I am compelled to make this public statement to address the various allegations levied against the Central Bank of Nigeria (CBN) and cited as the reasons for my suspension from office as the Governor of the CBN on the 19th of February 2014.
i. Briefing Note of the Financial Reporting Council of Nigeria (FRCN) dated 7th June 2013, Ref: PRES/188/T&I/89 to His Excellency, President Goodluck Ebele Jonathan [the Briefing Note];
ii. The Letter of Suspension dated 19th February 2014, which I received from the Office of the Secretary to the Government of the Federation; and
iii. The petition dated 9th February 2014 by Mr Erastus Akingbola.
However, before I go into the above issues, let me reiterate for the records, the achievements of the CBN during my tenure as the Governor:
Firstly, let me state that I have been extremely fortunate to have had a solid and supportive team led by the Deputy Governors and supported by the Departmental Directors, as well as thousands of hardworking and dedicated staff who must be given the credit for all that the CBN has achieved. I would also like to acknowledge for the record, the foundation laid by my predecessor, Professor Charles Chukwuma Soludo, in a number of areas. The CBN Act, 2007, which he championed, established the CBN as a truly autonomous entity of the Federation, and made it possible for us to take the difficult decisions necessary for restoring and maintaining macroeconomic stability. The FSS 2020 and PSV 2020 documents provided the principal strategic roadmaps that led to many of the innovations in payment systems, non-interest banking, financial inclusion, the Asset Management Corporation, IFRS, Risk-based Supervision, and the like.
Indeed, it will be impossible for me to review almost five years of revolutionary change made possible by the work of thousands of employees in the CBN in collaboration with other Regulators, Banks and Other Financial Institutions and Government Ministries in this press statement. However, I will mention a few of the key highlights.
On monetary policy, the Bank has improved the institutional framework for policy-making. A properly constituted Monetary Policy Committee (MPC) with a clear mandate for maintaining stability has been established. The MPC has been supported by improvements in research, data and forecasting capacity, and we have also paid attention to clear communication of our objectives to the market. As a result, headline inflation has remained below 10 per cent since January 2013, from a peak of 15.1 percent and 13.9 percent in 2008 and 2009 respectively. Core inflation declined from 11.2 per cent in December 2009 to 7.9 percent in December 2013, while food inflation maintained a downward trend from 15.5 percent in December 2009 to 9.3 percent in December 2013. In addition to the conventional liquidity management products, the Bank approved financial products to manage liquidity in non-interest financial institutions. The CBN also promoted the formation of the financial Markets Dealers Quotations Over–the-Counter (FQDM OTC) Plc as a self-regulatory OTC operator.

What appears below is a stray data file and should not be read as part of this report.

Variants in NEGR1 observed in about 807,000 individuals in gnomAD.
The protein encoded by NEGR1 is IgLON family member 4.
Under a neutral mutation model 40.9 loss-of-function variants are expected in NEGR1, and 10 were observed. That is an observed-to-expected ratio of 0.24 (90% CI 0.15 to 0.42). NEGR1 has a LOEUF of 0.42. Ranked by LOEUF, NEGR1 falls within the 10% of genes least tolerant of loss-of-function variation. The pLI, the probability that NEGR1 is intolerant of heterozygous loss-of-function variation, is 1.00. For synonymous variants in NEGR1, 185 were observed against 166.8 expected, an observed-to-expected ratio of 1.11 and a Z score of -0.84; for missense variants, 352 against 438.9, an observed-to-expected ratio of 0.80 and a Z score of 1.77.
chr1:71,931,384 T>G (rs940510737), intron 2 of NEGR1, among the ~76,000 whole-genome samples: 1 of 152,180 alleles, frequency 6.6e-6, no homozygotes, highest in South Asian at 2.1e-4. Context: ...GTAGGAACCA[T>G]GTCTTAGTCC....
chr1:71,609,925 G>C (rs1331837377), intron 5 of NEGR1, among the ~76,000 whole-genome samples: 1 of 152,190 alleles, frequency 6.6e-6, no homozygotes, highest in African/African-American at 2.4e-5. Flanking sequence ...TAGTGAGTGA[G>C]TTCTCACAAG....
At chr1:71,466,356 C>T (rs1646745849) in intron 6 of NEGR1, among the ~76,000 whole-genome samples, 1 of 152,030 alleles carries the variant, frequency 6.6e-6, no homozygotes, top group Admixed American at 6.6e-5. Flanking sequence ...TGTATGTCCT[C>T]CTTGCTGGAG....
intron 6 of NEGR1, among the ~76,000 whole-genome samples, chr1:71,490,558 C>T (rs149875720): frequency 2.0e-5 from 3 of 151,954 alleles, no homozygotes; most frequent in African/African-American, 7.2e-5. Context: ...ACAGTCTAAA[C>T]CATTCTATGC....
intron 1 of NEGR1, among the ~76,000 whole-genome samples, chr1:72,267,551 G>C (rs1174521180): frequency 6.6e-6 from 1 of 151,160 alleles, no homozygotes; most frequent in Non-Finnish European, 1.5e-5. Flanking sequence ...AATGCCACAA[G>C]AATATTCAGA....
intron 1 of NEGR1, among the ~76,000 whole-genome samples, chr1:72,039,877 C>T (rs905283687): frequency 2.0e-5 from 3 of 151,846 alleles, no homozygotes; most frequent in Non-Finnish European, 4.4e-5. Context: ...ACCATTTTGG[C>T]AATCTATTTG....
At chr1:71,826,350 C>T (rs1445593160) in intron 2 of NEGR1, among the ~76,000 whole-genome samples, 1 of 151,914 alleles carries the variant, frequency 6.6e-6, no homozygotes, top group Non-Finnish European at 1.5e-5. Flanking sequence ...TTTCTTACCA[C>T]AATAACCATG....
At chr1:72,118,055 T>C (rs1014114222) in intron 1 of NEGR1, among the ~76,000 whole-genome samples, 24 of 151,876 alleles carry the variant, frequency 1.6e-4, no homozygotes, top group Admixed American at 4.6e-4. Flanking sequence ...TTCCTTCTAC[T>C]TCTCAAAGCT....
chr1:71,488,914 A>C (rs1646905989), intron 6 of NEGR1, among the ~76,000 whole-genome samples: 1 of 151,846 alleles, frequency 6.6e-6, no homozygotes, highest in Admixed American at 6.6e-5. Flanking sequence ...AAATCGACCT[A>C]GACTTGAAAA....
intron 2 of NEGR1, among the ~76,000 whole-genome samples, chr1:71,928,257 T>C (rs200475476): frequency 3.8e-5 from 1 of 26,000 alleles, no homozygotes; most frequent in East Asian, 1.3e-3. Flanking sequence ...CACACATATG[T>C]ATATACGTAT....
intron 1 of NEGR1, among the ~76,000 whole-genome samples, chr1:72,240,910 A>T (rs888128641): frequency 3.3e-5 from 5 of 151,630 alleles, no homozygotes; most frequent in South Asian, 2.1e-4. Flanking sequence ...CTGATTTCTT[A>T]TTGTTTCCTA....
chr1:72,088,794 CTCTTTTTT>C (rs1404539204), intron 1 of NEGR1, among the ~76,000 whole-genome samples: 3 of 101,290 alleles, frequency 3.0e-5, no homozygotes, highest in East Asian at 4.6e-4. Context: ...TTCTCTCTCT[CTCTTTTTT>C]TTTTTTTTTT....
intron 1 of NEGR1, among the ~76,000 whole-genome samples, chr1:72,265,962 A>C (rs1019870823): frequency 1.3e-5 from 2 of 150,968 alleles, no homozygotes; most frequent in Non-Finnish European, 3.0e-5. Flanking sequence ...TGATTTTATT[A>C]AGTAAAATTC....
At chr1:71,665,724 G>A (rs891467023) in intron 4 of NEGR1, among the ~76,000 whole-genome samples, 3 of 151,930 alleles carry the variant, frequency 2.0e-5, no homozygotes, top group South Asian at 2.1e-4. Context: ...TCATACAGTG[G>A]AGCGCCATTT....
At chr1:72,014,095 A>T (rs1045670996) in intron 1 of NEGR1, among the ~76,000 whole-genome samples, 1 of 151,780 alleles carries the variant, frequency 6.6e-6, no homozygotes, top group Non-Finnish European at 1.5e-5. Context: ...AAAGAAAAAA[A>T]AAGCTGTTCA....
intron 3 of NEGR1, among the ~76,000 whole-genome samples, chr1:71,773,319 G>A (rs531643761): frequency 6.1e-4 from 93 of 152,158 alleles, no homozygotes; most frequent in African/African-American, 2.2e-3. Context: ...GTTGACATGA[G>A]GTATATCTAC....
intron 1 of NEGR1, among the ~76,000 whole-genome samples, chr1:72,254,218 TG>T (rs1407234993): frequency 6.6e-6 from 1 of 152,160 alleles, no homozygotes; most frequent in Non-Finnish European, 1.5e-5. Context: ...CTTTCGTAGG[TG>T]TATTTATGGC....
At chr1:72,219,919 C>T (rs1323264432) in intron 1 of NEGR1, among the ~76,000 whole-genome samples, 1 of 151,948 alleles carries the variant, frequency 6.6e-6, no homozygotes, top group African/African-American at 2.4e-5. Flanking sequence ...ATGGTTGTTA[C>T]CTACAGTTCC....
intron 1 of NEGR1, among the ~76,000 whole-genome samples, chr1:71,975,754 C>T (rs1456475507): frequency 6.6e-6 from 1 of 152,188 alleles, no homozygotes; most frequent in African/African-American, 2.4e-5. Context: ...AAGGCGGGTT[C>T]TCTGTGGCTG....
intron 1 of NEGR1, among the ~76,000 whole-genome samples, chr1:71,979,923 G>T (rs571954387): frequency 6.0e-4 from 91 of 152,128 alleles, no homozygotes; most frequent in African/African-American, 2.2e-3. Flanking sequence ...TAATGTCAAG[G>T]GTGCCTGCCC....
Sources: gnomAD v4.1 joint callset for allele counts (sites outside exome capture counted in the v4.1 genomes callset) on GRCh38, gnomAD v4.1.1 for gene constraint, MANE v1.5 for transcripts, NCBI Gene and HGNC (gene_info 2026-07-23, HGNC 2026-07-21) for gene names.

In the area of safeguarding the value of the local currency and maintaining stability in the foreign exchange market for the overall sustenance of macroeconomic stability and growth, the CBN over the period has successfully maintained a stable exchange rate regime and a robust external reserve position conducive to sustainable growth and development.